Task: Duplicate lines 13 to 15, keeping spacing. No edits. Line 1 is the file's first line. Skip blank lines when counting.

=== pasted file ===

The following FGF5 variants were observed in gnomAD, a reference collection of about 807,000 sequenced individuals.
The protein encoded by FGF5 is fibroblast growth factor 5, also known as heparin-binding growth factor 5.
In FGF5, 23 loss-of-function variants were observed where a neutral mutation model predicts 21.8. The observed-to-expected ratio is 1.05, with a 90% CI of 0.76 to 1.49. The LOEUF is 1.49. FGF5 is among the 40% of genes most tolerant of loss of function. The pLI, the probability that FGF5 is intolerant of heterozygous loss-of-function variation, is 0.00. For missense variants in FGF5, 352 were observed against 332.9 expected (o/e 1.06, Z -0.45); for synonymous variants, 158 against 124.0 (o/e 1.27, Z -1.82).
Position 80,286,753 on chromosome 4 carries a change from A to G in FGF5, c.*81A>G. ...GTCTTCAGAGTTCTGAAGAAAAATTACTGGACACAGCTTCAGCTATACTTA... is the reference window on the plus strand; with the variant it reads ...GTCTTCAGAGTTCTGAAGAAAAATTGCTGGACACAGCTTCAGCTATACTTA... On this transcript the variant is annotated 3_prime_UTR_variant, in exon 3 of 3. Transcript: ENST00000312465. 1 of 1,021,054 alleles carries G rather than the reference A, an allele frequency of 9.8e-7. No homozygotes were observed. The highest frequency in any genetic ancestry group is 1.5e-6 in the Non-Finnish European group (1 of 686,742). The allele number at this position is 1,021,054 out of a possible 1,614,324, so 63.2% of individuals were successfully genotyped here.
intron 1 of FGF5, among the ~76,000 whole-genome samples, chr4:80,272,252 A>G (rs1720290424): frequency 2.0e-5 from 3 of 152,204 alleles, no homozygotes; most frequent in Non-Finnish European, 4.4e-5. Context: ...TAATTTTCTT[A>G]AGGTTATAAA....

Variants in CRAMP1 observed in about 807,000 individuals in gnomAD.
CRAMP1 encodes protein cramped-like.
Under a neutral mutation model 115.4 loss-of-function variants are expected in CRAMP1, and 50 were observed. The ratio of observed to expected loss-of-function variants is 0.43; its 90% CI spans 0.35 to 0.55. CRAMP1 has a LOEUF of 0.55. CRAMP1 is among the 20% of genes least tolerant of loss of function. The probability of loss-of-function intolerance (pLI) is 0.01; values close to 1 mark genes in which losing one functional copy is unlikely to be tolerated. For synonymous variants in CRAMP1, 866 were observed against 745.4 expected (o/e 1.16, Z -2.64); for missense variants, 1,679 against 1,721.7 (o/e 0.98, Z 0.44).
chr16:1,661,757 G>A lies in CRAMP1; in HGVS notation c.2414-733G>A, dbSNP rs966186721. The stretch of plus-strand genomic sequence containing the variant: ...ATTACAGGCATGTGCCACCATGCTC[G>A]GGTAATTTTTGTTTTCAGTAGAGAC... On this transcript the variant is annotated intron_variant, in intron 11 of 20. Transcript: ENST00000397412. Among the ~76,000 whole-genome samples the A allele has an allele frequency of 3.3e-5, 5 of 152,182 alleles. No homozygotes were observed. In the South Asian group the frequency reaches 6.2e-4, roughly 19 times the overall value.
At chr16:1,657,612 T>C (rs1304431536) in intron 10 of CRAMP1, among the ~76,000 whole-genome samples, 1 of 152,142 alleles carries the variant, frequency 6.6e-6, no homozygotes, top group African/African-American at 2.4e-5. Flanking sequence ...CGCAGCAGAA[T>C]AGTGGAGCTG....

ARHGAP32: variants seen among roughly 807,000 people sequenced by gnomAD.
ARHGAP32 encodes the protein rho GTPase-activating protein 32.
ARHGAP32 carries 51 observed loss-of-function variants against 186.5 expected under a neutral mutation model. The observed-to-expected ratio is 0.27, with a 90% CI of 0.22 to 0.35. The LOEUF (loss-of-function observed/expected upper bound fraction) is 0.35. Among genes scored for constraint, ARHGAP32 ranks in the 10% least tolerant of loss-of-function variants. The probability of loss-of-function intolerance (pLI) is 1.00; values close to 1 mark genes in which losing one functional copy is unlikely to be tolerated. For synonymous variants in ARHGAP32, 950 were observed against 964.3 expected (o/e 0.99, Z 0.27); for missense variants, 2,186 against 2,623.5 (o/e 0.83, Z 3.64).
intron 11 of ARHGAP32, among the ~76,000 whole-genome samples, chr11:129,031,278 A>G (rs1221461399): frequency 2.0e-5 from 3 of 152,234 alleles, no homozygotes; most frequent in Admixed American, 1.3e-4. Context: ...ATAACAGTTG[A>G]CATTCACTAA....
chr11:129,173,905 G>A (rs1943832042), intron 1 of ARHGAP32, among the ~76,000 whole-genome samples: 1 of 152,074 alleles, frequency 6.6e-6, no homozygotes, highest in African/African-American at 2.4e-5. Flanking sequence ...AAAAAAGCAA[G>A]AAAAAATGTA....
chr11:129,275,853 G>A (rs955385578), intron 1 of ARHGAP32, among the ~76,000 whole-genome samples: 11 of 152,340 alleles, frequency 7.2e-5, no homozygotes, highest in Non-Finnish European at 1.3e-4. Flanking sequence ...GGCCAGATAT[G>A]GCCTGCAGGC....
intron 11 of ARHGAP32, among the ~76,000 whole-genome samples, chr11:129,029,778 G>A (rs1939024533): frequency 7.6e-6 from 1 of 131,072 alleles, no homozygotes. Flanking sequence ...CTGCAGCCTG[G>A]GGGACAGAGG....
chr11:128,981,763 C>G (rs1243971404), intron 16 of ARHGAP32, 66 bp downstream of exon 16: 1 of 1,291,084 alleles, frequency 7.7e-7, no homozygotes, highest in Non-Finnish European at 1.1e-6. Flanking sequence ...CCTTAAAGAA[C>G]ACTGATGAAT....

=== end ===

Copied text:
ARHGAP32 carries 51 observed loss-of-function variants against 186.5 expected under a neutral mutation model. The observed-to-expected ratio is 0.27, with a 90% CI of 0.22 to 0.35. The LOEUF (loss-of-function observed/expected upper bound fraction) is 0.35. Among genes scored for constraint, ARHGAP32 ranks in the 10% least tolerant of loss-of-function variants. The probability of loss-of-function intolerance (pLI) is 1.00; values close to 1 mark genes in which losing one functional copy is unlikely to be tolerated. For synonymous variants in ARHGAP32, 950 were observed against 964.3 expected (o/e 0.99, Z 0.27); for missense variants, 2,186 against 2,623.5 (o/e 0.83, Z 3.64).
intron 11 of ARHGAP32, among the ~76,000 whole-genome samples, chr11:129,031,278 A>G (rs1221461399): frequency 2.0e-5 from 3 of 152,234 alleles, no homozygotes; most frequent in Admixed American, 1.3e-4. Context: ...ATAACAGTTG[A>G]CATTCACTAA....
chr11:129,173,905 G>A (rs1943832042), intron 1 of ARHGAP32, among the ~76,000 whole-genome samples: 1 of 152,074 alleles, frequency 6.6e-6, no homozygotes, highest in African/African-American at 2.4e-5. Flanking sequence ...AAAAAAGCAA[G>A]AAAAAATGTA....